Fog rolls over Hidden Lake in Montana’s Glacier National Park in this image from the @Earth Instagram account. (Andy McCune)

When a workplace accident left her on bed rest for nine months in 2013, Nastasia Yakoub’s future in nursing was uncertain at best.

“I fell into depression because I had studied for four and a half years to became a labor-and-delivery nurse,” Yakoub, 30, said. “I needed something to distract me.”

To pass the time, she began posting old snapshots under her Instagram handle, @DameTraveler, a name chosen to share the empowering concept of independent female travelers. After the popular @BeautifulDestinations reposted one of her photos along with its hashtag, Yakoub was inspired to add a hashtag to her own posts. Following an outpouring of attention, she opened the account to the community and began reposting tagged images that caught her eye.

More than 1.5 million posts of young women conquering picturesque world destinations now appear under #DameTraveler, all hoping to be featured on the account, which has 387,000 followers. Many popular travel accounts have implemented the same hashtag-based curatorial methods to gather content, and @BeautifulDestinations tops 9.8 million followers, compared with old-school travel publishers such as Conde Nast Traveler, which has 1.4 million.

Image of Machu Picchu from @DameTraveler. The account showcases photographs of independent female travelers. (Nastasia Yakoub)

Unlike traditional influencers — adspeak for high-profile people who drive public opinion — the users behind these indie accounts are not the stars of the show. Yakoub occasionally appears on the @DameTraveler feed, but documents her own travels on a personal account, @nastasiaspassport.

She said that it takes her 30 minutes to an hour to pick each DameTraveler image, and she chooses one or two per day from those appearing under the hashtag.

“I’m very picky about the aesthetic and feel,” she said. “That quality of the feed is what makes it successful.”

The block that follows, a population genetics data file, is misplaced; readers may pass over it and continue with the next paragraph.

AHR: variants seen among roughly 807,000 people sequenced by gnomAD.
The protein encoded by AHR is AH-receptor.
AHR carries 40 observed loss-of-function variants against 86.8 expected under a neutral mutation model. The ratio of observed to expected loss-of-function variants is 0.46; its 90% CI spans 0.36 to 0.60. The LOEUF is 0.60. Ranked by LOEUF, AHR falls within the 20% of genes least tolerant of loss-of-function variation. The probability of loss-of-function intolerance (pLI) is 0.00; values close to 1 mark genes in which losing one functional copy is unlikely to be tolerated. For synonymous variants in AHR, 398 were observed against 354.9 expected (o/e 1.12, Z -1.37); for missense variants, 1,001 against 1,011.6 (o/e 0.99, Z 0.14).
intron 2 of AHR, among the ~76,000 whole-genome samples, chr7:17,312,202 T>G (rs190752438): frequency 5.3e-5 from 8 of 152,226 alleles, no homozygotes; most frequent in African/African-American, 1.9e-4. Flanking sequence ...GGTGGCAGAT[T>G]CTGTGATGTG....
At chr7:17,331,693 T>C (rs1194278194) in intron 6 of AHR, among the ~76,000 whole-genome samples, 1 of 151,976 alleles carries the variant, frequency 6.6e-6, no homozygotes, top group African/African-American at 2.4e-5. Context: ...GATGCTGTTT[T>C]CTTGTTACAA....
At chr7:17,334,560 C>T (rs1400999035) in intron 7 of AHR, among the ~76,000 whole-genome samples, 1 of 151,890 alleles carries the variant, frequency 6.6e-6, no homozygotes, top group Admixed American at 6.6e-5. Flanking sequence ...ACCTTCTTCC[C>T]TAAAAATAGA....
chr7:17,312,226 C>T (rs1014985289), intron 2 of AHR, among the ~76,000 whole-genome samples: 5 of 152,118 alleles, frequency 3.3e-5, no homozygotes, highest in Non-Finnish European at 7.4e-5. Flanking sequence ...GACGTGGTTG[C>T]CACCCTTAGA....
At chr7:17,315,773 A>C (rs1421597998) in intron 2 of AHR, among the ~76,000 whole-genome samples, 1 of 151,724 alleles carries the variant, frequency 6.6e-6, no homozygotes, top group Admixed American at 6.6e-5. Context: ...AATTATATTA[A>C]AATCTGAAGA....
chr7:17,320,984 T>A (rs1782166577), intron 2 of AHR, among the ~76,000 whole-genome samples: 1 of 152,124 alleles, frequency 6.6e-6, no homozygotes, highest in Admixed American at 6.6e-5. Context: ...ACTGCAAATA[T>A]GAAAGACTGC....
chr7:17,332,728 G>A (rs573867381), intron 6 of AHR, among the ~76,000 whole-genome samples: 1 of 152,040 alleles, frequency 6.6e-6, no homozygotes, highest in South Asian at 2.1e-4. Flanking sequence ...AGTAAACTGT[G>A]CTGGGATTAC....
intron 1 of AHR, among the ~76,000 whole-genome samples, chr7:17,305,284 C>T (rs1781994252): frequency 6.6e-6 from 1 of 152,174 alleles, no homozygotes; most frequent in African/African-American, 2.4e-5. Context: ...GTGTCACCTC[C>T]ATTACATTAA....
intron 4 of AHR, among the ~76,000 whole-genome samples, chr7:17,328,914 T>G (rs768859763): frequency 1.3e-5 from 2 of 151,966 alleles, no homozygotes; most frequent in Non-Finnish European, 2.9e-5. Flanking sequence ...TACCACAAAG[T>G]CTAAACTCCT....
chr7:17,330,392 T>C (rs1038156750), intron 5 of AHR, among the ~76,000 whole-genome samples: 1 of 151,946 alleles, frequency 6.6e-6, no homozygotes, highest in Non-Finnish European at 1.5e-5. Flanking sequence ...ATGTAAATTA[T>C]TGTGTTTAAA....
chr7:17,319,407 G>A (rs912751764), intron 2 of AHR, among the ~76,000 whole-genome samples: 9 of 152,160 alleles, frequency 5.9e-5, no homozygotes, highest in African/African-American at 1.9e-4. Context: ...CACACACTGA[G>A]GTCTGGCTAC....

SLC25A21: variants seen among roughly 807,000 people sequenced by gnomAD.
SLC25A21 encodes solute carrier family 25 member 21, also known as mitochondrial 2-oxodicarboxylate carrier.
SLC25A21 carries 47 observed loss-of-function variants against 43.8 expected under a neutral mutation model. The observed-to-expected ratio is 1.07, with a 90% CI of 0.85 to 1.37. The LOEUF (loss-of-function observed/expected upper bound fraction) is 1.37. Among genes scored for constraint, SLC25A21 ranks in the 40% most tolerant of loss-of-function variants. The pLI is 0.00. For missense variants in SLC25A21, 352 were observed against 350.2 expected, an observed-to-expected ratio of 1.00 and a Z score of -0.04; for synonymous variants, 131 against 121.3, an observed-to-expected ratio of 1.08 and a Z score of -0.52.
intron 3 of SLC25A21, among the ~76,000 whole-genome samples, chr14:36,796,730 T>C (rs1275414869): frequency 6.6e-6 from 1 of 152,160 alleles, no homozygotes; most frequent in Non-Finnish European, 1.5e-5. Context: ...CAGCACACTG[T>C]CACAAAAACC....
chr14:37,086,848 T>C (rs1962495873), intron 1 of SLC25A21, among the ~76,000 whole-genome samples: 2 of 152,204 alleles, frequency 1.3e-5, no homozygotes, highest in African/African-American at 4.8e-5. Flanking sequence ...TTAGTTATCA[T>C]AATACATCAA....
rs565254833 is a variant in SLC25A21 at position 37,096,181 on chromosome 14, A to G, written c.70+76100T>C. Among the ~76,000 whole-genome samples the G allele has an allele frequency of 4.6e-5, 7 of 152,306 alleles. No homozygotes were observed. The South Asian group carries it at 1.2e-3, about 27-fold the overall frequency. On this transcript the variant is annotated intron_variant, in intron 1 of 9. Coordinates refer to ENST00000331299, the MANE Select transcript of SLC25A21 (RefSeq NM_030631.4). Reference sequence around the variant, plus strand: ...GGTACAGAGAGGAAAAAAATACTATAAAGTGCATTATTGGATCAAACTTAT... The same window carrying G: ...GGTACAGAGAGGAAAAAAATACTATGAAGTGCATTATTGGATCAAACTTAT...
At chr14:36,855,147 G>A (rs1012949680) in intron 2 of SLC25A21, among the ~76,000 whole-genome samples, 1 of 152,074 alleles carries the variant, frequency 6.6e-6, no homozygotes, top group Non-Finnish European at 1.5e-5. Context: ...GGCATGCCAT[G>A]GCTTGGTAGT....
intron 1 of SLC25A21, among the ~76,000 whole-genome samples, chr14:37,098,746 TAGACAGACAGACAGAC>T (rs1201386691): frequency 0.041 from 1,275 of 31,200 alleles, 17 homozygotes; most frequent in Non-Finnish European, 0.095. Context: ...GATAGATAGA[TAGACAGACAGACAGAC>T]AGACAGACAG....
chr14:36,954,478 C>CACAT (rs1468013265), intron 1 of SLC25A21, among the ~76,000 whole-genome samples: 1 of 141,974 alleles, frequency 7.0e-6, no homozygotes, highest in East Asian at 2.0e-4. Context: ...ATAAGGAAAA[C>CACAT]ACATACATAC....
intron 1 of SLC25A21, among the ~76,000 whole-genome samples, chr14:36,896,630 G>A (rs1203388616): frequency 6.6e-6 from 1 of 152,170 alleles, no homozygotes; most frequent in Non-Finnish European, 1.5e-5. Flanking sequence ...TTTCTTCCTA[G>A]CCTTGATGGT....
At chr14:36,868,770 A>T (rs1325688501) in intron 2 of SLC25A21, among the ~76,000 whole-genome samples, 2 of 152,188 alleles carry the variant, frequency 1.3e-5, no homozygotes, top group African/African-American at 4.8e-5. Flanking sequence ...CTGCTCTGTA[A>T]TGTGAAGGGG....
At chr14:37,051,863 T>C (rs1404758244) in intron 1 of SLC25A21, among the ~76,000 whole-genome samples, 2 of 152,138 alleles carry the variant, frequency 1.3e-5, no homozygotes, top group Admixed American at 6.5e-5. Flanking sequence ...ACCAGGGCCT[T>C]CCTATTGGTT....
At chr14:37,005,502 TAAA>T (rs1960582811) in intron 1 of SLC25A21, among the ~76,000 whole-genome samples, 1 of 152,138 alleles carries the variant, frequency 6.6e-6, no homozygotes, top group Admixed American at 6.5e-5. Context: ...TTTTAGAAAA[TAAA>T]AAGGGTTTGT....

In addition to the exposure, a repost — known as regramming — earns the photographer a certain amount of travel-elite street cred.

"About 2 percent of what you see on the account is my photography; the rest is other people's," said Andy McCune, 22, who oversees @Earth, an account with more than 800,000 followers. "We get hundreds of DMs and about 50 to 90 email submissions every day."

McCune got the prime handle from a friend who was an early adopter of the platform. His iteration of @Earth was launched in 2015. McCune curates the feed and seeks out images that reflect his appreciation of nature. A Washington-state native, he favors lush, towering forests, mist-frosted mountain peaks and frothy rushes of water.

In the account’s early days, McCune reached out to notable travel photographers with large followings and began to repost work that fit his aesthetic.

“Once I gained three or four relationships, we started getting more intros and the ball kept rolling,” he said. “It’s given me some of the best friends of my life.”

In this image from @Earth, commuters find their way to their trains in Oculus, a transit hub that was built at the site of the World Trade Center. (Andy McCune)

As the clout of social-media influencers increases, some accounts have become modern-day travel guides. McCune, who splits his time between New York City and Tulum, Mexico, has expanded @Earth's reach by partnering with YouTube vloggers and social media travel mavens to create travel guides, photo journals and video content. (He curates @Tulum, as well as @Traveler and @Forest.) Yakoub did something similar, creating additional handles such as @DameTravelerFoodie and @DameTravelerHotels to zero in on specific categories.

Like McCune and Yakoub, 31-year-old Zach Houghton started out with an Instragram account and ended up with a full-time job.

"I never set out to create something this big," said Houghton, who curates @Passionpassport, an account with almost 900,000 followers. "I first started to showcase the beauty of travel and create editorial content that gives people the opportunity to understand what power travel has in our own lives."

The former trader was working in Hong Kong when he left the world of finance for a nine-month, 15-country trek that he documented in a blog and on Instagram. When the project ended, he opened the account to the community. By 2015, the hashtag had 1 million photos; today, it has more than 10 million.

Houghton ultimately parlayed @Passionpassport into Passport Studio, a company that creates sponsored content around the themes of travel and discovery. The hashtag that started it all remains among Instagram’s top travel accounts, and Houghton says that he’s still on the lookout for undiscovered photographers with the same spirit that inspired him to start the account.

“Everyone has valid things to do and say and show, if you give them the opportunity to do so,” he said. “It’s not just those epic, jaw-dropping moments — it’s those quiet moments of travel that are worthy to talk about.”

Raczka is a writer based in Boston and New York City. Her website is Find her on Instagram: @rachelraczka.

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